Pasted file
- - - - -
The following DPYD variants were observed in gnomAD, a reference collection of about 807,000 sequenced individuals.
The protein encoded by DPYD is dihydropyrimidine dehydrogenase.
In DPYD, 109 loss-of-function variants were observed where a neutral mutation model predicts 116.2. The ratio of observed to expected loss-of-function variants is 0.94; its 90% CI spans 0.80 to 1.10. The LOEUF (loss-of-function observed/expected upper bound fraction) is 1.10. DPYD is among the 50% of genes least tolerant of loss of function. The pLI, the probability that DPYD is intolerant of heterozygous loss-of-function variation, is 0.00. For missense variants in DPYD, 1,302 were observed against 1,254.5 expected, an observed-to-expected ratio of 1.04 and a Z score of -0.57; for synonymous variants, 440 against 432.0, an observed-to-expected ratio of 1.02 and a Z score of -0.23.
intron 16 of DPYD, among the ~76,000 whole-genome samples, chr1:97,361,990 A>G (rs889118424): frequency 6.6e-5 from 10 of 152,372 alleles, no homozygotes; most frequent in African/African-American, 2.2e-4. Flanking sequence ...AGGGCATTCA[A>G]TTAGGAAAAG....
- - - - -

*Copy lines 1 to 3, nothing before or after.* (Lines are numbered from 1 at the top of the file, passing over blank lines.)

The following DPYD variants were observed in gnomAD, a reference collection of about 807,000 sequenced individuals.
The protein encoded by DPYD is dihydropyrimidine dehydrogenase.
In DPYD, 109 loss-of-function variants were observed where a neutral mutation model predicts 116.2. The ratio of observed to expected loss-of-function variants is 0.94; its 90% CI spans 0.80 to 1.10. The LOEUF (loss-of-function observed/expected upper bound fraction) is 1.10. DPYD is among the 50% of genes least tolerant of loss of function. The pLI, the probability that DPYD is intolerant of heterozygous loss-of-function variation, is 0.00. For missense variants in DPYD, 1,302 were observed against 1,254.5 expected, an observed-to-expected ratio of 1.04 and a Z score of -0.57; for synonymous variants, 440 against 432.0, an observed-to-expected ratio of 1.02 and a Z score of -0.23.